Home » Letters » Letters Volume 33 no 5 May-June 2019

Letters Volume 33 no 5 May-June 2019

UK’s Art Market
Editor, considering the global art market data in The Art Market released by Art Basel and UBS, “Sales in the three largest markets of the US, the UK, and China accounted for 84% of the global market’s total value in 2018: The US was the largest market worldwide, accounting for 44% of sales by value. The UK regained its position as the second largest art market (21%) and China was the third largest with 19%.” If there are 326,625,792 inhabitants in the US, 64,769,452 in the UK and 1,379,302,784 in China, then the UK with 21% of all sales by value astoundingly has the highest per capita number of art buyers in the world. What is this due to? Climate?
James Derriford, 17/04/2019

Hi James,  according to The Guardian, “Half of England is owned by less than 1% of the population”. https://www.theguardian.com/money/ Are these the buyers who make the UK the second largest art market in the world, at 21% of all sales?
Dorothy Boscaswell 2019/04/11

New Art Examiner
Hi Stephen, Your article really merits reading, as it is not only biographical, but its historical and social context connects so well to what we are witnessing in the art world today, or what we have lost from our near non-existent culture. Our plastic laden brains have lost their creativity with not an ounce of originality coming from them. However, your writing was very inspiring and gives me hope that somewhere there is a writer, a thinker, an artist, a teacher, who can help bring back “aesthetic enthusiasm”. I wonder, don’t you miss England?
Antony Swift, 18/04/2019

Art in Ruins
Hi Lynda, your article is very exciting, I liked it very much. The feeling of empty, absence and lack prevails over everything. What sadness to see the abandoned Ferris wheels! Liviana Martin 15/04/2019 Hi Lynda, You are a very gifted writer! You wrote as though Chernobyl were one very detailed, large canvas. Your article made me recall what it brought to where I was living in Italy at the time. We were told to keep our children indoors, to not eat fresh fruit or vegetables and to use only bottled water. This lasted for around 6 weeks, and then people forgot all about it, but your article has made me remember that period, so tragic for the residents of Chernobyl. It must have been devastating for people there to so suddenly leave their homes forever.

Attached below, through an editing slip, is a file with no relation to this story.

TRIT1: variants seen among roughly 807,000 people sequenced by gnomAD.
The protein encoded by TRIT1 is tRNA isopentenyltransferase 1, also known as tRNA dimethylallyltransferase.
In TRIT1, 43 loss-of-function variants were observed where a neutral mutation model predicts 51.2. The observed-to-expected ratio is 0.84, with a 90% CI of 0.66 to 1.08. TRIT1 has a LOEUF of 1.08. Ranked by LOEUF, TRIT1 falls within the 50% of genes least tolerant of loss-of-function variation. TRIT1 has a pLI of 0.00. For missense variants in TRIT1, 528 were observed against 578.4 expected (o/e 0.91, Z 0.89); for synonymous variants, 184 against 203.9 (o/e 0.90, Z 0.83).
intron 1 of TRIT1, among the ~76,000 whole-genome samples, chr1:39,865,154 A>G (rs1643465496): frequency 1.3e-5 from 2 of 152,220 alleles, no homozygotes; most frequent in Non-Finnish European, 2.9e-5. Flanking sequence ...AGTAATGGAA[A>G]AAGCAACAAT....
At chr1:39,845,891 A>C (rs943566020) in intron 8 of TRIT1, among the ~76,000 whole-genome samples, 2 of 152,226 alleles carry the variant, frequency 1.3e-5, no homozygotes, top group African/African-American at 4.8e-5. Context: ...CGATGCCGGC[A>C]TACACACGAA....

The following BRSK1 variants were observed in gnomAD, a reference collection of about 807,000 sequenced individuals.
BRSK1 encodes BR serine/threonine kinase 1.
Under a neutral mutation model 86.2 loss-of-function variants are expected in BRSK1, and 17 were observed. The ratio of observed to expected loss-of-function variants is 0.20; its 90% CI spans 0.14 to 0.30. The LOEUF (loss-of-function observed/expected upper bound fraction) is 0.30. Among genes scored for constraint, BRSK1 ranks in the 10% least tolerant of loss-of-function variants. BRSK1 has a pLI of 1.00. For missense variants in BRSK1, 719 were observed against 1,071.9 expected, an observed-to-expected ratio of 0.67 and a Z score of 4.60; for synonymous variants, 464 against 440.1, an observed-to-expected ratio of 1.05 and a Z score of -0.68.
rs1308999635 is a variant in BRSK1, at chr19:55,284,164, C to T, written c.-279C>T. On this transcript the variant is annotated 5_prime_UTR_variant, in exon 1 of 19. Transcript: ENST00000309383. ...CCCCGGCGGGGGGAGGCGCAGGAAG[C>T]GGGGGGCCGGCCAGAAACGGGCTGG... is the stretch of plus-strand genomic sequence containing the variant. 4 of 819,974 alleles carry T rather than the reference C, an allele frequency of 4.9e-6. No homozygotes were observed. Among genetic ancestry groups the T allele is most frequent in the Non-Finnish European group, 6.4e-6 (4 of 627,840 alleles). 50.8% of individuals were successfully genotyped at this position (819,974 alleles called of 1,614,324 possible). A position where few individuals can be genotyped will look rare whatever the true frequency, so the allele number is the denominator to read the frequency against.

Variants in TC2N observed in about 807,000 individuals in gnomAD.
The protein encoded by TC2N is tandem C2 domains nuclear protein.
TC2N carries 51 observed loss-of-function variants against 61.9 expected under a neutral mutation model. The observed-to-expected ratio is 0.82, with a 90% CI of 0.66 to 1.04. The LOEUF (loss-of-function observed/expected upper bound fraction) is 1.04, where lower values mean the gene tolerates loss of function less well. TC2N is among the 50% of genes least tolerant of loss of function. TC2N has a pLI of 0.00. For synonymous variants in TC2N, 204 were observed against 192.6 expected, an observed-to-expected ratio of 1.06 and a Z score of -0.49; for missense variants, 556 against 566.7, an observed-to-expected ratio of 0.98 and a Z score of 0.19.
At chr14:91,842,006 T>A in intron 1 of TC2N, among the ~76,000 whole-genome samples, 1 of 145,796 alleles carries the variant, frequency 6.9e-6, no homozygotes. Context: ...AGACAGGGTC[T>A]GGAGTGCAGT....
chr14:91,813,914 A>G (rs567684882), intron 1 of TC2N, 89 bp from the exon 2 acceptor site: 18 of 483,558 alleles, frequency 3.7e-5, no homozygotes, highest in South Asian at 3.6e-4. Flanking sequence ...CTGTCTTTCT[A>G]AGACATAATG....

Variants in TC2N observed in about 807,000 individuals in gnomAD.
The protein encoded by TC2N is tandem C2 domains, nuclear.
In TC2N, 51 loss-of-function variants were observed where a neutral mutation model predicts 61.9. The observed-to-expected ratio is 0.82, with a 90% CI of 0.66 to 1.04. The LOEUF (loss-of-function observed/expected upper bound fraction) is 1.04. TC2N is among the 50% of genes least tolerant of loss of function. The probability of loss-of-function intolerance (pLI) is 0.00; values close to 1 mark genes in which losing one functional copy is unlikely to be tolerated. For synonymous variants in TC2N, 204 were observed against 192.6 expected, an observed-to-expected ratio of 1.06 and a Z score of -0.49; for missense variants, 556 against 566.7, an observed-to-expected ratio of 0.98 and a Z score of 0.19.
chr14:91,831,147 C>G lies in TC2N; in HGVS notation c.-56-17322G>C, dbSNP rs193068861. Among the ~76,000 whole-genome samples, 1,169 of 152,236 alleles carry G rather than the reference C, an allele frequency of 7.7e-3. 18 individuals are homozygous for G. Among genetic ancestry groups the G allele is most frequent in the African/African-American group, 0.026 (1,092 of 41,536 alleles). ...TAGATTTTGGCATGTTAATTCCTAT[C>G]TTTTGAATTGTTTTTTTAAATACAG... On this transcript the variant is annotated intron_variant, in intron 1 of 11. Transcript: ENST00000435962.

Pendery Weekes, 13/04/2019

RT News in their project section retells the Chernobyl disaster, well worth watching: https://chernobyl30.rt.com/#/en Andy McBride 10/04/2019Hi Lynda, Looking at Chernobyl from a visual arts perspective gave another dimension to this tragedy; you turned it into one very beautiful and unique museum. I appreciated your descriptions and really enjoyed your writing style. Over the years I have seen many photographs of Chernobyl and have had to read numerous scientific papers for my work, but up until now had never read anything as aesthetically moving as what you wrote on such a difficult topic. Your article merits some sort of writing prize.
Roselyne Ashley, 09/04/2019

Penwith improves to one out of six
Hi Maxine, I was unfamiliar with the work of Seamus Moran and was fascinated by his metallic net toilet roll that I found on his website: “A mind that never stops asking questions or looking for new answers” shows geniality and is what a five year old does, something most of us lose as we grow older; apparently he hasn’t lost this ability. But what you wrote at the start of your review was even more revealing, also about your geniality, “I am intrigued to discover how very much I want to be challenged by Art and not just to see something done well that has already been done and is now being done again.” Isn’t this the problem with the art world today? With the world? As our lives are more and more organized and controlled by Mama Google and Daddy Amazon, we are losing our capacity for independent thinking and for creative problem solving, aren’t we?
Kei Saito, 12/04/2019